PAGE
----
The Dog Flu FLEW…again!!!

Fact sheet about Canine Influenza Virus

by Taryn McDonald, DVM

We’ve heard a lot of news in the last few years about the new strain of dog flu that surprised us all in Chicago and Georgia the 2015.  There were over 100 confirmed cases in Georgia in a one-month time span from May to June of 2015, with 5 of those cases diagnosed in our hospital.  In May of 2017, there was another outbreak of the H3N2 strain of Canine Influenza at a dog show in Perry, Georgia.  Unfortunately, all these dogs then brought back the contagion to their home cities and now it has spread throughout Georgia and other states as well.  There have been numerous confirmed cases of the H3N2 strain in this area and surrounding counties.  This begs the questions, “Do I need to be worried about my pooch? Do I need to vaccinate? What are we going to do about this?” With this information, we hope to inform you about the newest strain of dog flu, which pups are most at risk, and how we can reduce that risk as much as possible.

What is dog flu? Who can get it?

Dog fluDog flu is caused by a virus called CIV (Canine Influenza Virus) that cannot be spread to people. Much like in people, however, there are strains of CIV named with letters and numbers to tell them apart. The strain that has been present for several years is named H3N8 while the newest strain is H3N2. This is important to note when we talk about vaccinating later in this article.

Currently, a majority of dogs exposed to the virus, regardless of age, sex, or breed, will become infected.  Up to 80% of exposed dogs will become infected with CIV and dogs will begin showing signs of flu-like sickness within a few weeks.  Dogs who go to boarding, day care, dog parks or who have contact with other dogs through a fence or even go on neighborhood walks are at higher risk of getting the flu.  Some of our diagnosed patients in 2015 were presumed to have been infected on a walk through their suburban neighborhood.


How is K9 flu spread?

As you know, the higher number of people or animals in an area, the more likely someone is sick!  Boarding facilities, day care, dog parks, etc. put many dogs together with many different travel and social histories, which makes the possibility that someone is sick pretty darn high. Did you know that a dog sneeze can travel 20 feet?  With CIV being spread from respiratory secretions like coughs, snot, and sneezes, it makes it pretty easy to spread the flu! The virus can even be spread in the air and oDog flu 2n things like bowls, kennels, leashes and our clothing!  As previously noted, it can also live on grass, concrete and dirt. The influenza virus can survive on these surfaces for up to a few days, so it is very possible that your dog can become infected even without direct contract with another dog.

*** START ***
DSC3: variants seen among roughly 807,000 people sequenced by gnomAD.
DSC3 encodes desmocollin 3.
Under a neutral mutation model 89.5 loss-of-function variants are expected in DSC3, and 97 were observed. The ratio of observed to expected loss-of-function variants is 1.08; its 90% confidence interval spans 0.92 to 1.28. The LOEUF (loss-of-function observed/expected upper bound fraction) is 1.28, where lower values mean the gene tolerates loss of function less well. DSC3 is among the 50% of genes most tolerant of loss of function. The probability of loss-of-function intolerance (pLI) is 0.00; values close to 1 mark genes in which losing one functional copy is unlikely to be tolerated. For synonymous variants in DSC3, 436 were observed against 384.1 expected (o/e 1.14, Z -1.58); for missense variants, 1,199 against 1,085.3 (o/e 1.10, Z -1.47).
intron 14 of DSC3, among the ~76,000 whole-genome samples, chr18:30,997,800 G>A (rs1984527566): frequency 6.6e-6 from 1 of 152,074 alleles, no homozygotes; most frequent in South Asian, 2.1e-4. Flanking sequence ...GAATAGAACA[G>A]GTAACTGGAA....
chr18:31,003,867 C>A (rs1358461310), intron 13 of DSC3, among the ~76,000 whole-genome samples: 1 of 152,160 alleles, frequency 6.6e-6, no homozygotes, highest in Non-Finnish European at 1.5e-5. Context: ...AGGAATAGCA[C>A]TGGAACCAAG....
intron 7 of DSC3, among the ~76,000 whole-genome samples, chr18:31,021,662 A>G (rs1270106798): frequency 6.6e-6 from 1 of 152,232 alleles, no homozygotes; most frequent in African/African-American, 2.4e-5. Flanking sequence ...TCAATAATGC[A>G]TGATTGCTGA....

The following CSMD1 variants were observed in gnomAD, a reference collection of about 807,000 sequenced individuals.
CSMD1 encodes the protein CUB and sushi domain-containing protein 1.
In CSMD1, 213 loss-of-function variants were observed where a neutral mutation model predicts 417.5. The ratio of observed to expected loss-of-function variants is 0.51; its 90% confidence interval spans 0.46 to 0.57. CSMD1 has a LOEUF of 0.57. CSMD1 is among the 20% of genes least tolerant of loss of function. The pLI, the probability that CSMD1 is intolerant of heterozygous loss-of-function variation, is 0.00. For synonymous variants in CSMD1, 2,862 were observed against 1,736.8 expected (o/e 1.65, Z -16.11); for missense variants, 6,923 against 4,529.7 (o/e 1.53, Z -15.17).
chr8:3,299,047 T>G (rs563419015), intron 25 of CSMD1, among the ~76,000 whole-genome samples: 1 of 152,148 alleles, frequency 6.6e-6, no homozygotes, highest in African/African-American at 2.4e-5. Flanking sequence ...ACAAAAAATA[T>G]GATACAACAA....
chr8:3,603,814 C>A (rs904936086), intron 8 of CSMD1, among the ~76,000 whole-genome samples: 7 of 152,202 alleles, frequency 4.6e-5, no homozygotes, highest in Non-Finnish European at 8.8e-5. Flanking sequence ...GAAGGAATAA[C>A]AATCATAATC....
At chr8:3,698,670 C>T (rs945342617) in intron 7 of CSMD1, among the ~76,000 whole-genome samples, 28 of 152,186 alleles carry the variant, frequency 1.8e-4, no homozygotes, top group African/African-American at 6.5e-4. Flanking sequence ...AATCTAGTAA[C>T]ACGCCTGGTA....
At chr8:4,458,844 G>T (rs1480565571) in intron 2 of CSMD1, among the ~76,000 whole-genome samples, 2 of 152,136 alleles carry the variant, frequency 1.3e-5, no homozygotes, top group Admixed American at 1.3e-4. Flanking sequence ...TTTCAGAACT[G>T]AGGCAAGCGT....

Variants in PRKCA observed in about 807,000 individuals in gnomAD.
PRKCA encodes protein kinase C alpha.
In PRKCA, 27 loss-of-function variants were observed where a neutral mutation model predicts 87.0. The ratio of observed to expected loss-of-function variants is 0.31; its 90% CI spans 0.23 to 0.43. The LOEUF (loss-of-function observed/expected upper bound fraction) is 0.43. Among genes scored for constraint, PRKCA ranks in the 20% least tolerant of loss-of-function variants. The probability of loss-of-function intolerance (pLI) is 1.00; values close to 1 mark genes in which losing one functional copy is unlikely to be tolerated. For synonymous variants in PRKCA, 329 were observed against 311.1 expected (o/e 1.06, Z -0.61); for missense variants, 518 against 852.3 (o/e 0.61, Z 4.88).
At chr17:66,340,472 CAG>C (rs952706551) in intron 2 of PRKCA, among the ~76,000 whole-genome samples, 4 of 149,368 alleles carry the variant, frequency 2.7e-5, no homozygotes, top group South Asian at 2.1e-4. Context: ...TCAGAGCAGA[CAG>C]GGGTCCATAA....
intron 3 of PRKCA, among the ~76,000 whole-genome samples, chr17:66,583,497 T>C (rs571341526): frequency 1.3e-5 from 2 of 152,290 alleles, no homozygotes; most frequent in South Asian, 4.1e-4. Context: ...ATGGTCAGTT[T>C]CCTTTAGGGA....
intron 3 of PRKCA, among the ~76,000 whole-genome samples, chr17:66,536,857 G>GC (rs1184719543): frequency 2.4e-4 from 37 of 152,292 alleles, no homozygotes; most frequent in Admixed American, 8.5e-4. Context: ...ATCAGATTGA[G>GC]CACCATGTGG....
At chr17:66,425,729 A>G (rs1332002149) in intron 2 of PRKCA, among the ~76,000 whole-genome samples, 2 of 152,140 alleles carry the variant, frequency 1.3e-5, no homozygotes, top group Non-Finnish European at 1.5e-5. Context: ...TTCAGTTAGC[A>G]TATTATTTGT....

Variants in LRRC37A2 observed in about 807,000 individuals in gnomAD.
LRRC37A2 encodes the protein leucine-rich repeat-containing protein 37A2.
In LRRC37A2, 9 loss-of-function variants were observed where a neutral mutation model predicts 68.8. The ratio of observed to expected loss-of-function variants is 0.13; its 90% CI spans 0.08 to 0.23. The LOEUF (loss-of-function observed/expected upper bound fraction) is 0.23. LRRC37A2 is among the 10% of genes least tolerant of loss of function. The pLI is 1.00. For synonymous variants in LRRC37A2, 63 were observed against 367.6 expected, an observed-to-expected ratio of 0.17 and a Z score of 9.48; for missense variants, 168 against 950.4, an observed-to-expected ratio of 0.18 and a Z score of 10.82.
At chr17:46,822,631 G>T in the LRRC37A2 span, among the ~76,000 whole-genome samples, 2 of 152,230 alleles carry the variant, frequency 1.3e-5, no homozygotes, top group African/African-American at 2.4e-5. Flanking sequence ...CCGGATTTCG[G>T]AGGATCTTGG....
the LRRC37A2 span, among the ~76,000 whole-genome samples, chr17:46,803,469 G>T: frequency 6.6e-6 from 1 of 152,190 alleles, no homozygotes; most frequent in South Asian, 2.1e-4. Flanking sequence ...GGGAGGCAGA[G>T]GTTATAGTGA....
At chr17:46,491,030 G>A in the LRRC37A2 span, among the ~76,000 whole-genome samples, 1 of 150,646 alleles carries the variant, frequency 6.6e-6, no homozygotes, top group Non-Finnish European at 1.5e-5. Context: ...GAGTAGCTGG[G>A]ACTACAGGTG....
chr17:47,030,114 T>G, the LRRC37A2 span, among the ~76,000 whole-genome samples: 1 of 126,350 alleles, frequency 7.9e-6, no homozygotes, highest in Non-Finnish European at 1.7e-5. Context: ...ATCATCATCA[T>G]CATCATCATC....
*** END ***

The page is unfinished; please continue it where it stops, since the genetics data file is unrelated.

What are the signs and how do we treat K9 flu?

If your pup is feeling under the weather and is more tired than usual, sneezes, coughs, has discharge from the eyes and/or nose, loses his or her appetite, and has a fever, we will recommend testing for CIV. Testing involves a swab of the back of your pooch’s throat much like a strep test and results should be back in about a week. In the meantime, we will recommend that you keep your dog at home to rest with no visitors of the dog variety. If any people come over, be sure to tell them to wash their hands and have limited contact with your pet should they have dogs of their own.

Dog flu 3Illness can last anywhere from a couple of days to a couple of weeks! The most important thing you can do is keep him or her calm with plenty of fluids, and give any medications we have given to you as directed.  Just as in people, there is no specific treatment for the flu, only management of the symptoms.  Occasionally, sickness from the Dog Flu can cause other infections or problems like pneumonia because of the way it affects their immune systems. If you feel your pet is still not feeling well or is feeling worse after his or her visit, please call us! We may need to check for more serious signs that can develop and may need to give injectable medications or fluids in our office to give a kick-start to the recovery process! The good news is that CIV is not generally considered fatal and if we let them have plenty of rest and are vigilant about hydration and other signs, they recover just like we do when we get the flu.


 How can we reduce the risk of my dog getting Canine Influenza Virus?

Remember those strains mentioned earlier? The old strain, H3N8, has had a vaccine out for several years and many of our patients have been fully vaccinated for this strain. The Dog flu 4strain that is involved in the current outbreak, H3N2, now has a vaccination as well to protect against this most current strain.  The vaccine will need to be given once, and then given again to “booster” it in 2-3 weeks so the immune system can build up a good defense. Finishing the booster BEFORE any boarding is best, but if you can’t, starting the vaccine before your pet goes off to camp can help.  For those dogs who have previously had the H3N8 vaccination, then we will only recommend vaccination and booster for the H3N2 strain.  If your dog has never had the H3N8 vaccination, then we will recommend initial vaccination and boosters of both strains.  If all of this information seems overwhelming, don’t worry, we will help guide you through the correct decision making for your puppy!   If you are wondering why we still recommend vaccination for the H3N8 strain, it is because we never know when another outbreak of either strain can occur and we want our patients to be as protected against preventable diseases as possible!!!

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